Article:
Jonathan Rosand is a clinician-scientist at Massachusetts General Hospital/Harvard and the Broad Institute where he directs a labarotory research programme at the Centre for Human Genetic Research while also serving as a vascular and critical care neurologist. Jonathan was motivated to start the ISGC when, in December 2007, colleagues with whom he shares his lab space jubilantly announced the first successful genome-wide association results for type 2 diabetes. Two months later, at the February 2007 International Stroke Conference in San Francisco, Jonathan handed out flyers to anyone who would take one, announcing the ISGC's first organisational meeting, to be held in Boston April 2007. The goal was to join together to perform adequately powered GWAS of stroke. The ISGC's first International Workshop was quickly arranged for London in July 2007, and the rest is history. Jonathan's group studies hemorrhagic and ischaemic stroke.

Dr. Owen A. Ross, PhD

Owen A. Ross, PhD is a native of Ireland, who as a Research Fellow, moved to the Mayo Clinic Florida in 2005. Dr. Ross is an Associate Professor of Neuroscience and his laboratory is focused on identifying genetic determinants of disease risk. He has co-authored of over 200 publications on the subject of ageing and age-related disease, including movement disorders, dementia, stroke and related disorders. Along with Dr. James Meschia and his colleagues in the Department of Neurology, Dr. Ross has recently started the Mayo Clinic Florida Familial Cerebrovascular Registry for on-site collection of patients and family expansion for gene discovery studies. To date this initiative has collected DNA and plasma on over 500 patients with a myriad of cerebrovascular disorders. The identification of novel genes for stroke will not only provide a clinical diagnostic tool but also generates molecular biological tools, the development of relevant in vitro and in vivo model systems and directs targeted therapeutic development.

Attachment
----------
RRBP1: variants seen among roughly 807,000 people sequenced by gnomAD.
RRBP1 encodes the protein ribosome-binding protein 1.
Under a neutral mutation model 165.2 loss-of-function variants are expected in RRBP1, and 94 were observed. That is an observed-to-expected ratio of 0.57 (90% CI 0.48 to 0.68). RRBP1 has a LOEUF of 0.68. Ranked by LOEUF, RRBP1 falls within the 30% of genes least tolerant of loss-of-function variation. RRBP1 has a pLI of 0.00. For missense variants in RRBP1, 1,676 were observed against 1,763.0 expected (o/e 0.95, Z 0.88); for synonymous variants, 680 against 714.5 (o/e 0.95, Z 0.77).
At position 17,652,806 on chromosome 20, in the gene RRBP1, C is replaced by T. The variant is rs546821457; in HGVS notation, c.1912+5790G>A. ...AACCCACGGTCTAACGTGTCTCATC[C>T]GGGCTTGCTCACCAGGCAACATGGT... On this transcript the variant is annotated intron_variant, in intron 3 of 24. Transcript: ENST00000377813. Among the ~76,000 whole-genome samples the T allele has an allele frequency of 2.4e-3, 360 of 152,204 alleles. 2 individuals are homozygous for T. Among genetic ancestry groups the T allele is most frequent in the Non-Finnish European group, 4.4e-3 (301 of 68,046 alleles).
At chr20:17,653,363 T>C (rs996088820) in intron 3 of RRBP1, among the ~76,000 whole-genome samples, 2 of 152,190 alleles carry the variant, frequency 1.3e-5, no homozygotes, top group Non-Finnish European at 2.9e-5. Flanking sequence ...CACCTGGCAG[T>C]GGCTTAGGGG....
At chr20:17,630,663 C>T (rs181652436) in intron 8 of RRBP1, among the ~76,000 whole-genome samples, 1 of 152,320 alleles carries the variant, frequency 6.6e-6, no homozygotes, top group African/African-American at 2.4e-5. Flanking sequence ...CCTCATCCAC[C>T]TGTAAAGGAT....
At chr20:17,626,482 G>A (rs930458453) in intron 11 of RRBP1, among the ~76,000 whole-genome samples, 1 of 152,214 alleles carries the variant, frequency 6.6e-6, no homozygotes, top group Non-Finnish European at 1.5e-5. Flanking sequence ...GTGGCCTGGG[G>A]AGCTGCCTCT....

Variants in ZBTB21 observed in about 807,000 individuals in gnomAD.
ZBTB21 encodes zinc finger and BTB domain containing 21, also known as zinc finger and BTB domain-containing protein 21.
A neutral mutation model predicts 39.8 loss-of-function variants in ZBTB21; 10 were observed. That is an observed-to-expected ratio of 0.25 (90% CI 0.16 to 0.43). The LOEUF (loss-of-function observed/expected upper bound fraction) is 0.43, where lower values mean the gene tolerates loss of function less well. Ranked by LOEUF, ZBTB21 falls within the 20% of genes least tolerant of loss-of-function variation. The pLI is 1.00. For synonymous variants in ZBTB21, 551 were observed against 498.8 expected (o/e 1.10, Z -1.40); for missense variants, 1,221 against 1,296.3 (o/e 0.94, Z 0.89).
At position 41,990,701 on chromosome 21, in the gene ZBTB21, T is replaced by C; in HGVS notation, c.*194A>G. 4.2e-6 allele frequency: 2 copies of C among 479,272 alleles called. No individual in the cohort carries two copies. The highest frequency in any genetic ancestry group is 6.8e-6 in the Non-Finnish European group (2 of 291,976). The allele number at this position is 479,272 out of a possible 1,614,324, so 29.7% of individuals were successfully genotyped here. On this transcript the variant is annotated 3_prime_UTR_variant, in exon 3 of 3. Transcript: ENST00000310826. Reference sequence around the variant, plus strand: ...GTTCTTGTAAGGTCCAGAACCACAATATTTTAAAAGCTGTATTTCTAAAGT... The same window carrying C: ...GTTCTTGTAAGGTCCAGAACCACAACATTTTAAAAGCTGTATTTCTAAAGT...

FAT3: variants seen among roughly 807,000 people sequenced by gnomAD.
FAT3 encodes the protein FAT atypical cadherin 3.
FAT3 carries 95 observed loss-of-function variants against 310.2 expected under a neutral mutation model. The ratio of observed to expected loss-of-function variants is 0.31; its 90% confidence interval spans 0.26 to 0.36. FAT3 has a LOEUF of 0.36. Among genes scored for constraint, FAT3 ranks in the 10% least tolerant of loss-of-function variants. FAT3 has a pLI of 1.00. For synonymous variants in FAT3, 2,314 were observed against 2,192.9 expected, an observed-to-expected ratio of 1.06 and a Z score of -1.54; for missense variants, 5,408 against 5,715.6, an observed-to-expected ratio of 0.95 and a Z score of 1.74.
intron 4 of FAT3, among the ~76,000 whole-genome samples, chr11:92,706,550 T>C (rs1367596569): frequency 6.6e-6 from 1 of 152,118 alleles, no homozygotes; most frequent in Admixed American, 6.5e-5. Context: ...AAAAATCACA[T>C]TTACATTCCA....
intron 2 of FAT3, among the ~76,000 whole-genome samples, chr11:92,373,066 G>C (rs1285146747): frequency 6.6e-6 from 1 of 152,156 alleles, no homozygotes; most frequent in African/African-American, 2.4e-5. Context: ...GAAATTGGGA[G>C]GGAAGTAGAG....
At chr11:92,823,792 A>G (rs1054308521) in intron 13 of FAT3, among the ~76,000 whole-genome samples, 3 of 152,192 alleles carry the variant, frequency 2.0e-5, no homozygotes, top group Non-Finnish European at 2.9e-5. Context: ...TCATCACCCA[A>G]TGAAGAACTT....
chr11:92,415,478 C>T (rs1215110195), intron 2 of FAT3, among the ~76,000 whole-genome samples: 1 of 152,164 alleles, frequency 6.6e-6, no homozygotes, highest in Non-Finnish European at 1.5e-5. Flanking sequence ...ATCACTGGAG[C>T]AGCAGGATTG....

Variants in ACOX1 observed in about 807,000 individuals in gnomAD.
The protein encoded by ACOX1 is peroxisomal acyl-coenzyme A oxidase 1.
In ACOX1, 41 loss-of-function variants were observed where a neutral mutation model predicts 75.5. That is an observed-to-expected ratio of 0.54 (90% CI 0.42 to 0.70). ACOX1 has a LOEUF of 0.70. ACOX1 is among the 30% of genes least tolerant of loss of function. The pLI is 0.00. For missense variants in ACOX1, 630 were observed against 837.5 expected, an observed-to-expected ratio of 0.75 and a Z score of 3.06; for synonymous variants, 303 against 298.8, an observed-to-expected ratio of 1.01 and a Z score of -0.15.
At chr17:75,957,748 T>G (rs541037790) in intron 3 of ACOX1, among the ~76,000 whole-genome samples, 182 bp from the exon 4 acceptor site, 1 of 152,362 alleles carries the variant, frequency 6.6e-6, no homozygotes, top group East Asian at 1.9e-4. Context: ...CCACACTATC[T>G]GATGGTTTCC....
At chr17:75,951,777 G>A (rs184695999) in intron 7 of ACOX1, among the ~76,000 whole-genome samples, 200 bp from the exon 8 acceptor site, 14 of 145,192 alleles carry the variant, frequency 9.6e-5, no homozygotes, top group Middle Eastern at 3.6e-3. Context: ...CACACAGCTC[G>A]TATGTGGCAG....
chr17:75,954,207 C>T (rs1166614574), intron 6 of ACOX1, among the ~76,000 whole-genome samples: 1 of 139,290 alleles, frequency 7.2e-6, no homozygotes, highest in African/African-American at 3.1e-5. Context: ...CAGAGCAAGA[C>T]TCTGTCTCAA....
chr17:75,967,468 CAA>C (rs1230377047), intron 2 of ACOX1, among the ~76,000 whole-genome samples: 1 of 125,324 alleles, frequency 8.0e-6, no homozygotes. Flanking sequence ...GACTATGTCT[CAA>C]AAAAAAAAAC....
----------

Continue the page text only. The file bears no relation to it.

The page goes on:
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Dr Natalie Rost, MD

Dr Natalia Rost is a clinician-scientist at Massachusetts General Hospital/Harvard and the Broad Institute. A recipient of research fellowships from the National Stroke Association and the American Heart Association-Bugher Foundation, Dr Rost joined the MGH faculty after completing her post-doctoral training in the Rosand lab. She was appointed Associate Director of the Acute Stroke Service at MGH in 2008. Natalia's research interests are in the genetics and neuroimaging of stroke and outcome prediction. She has been involved with the ISGC since its inception and is Principal Investigator of the ISGC's 'Genome Wide Association Study of White Matter Hyperintensity in Patients with Acute Ischaemic Stroke' study.

Professor Jaume Roquer MD, PhD.

Dr Roquer is the Chairman of the Neurological Department of the University Hospital del Mar, Parc de Salut Mar in Barcelona, and professor of Neurology at the Universitat Autònoma de Barcelona. He has an interest primarily in epidemiology, vascular risk factors, prognosis and genetics of cerebrovascular diseases.  He created in 2005, the BASICMAR database, a prospective ongoing clinical/biological register of patients with acute stroke at University Hospital del Mar. He is the PI of the NEUVAS group (IMIM-Hospital del Mar, Red Investigation Cardiovascular (RIC). RD06/0009/0020. Instituto Carlos III) involved in clinical and genetic stroke research.

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Dr Michele Sale, PhD